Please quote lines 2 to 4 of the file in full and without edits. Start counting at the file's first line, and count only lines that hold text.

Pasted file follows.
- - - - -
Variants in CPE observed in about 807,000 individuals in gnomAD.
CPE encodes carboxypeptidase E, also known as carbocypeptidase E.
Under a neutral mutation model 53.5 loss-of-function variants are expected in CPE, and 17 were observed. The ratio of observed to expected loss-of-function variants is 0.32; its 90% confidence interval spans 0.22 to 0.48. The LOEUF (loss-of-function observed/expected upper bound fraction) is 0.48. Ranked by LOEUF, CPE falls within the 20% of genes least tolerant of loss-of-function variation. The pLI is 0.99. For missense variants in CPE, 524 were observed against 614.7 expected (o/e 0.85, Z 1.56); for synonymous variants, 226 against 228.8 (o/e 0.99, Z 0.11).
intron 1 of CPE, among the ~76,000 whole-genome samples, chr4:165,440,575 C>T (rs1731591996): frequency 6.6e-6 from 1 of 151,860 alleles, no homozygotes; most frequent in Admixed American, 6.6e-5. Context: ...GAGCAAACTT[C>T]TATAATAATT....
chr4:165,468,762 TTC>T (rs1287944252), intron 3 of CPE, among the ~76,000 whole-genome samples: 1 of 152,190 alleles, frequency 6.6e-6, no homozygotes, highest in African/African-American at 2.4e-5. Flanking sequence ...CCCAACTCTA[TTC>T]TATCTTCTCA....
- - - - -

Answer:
CPE encodes carboxypeptidase E, also known as carbocypeptidase E.
Under a neutral mutation model 53.5 loss-of-function variants are expected in CPE, and 17 were observed. The ratio of observed to expected loss-of-function variants is 0.32; its 90% confidence interval spans 0.22 to 0.48. The LOEUF (loss-of-function observed/expected upper bound fraction) is 0.48. Ranked by LOEUF, CPE falls within the 20% of genes least tolerant of loss-of-function variation. The pLI is 0.99. For missense variants in CPE, 524 were observed against 614.7 expected (o/e 0.85, Z 1.56); for synonymous variants, 226 against 228.8 (o/e 0.99, Z 0.11).
intron 1 of CPE, among the ~76,000 whole-genome samples, chr4:165,440,575 C>T (rs1731591996): frequency 6.6e-6 from 1 of 151,860 alleles, no homozygotes; most frequent in Admixed American, 6.6e-5. Context: ...GAGCAAACTT[C>T]TATAATAATT....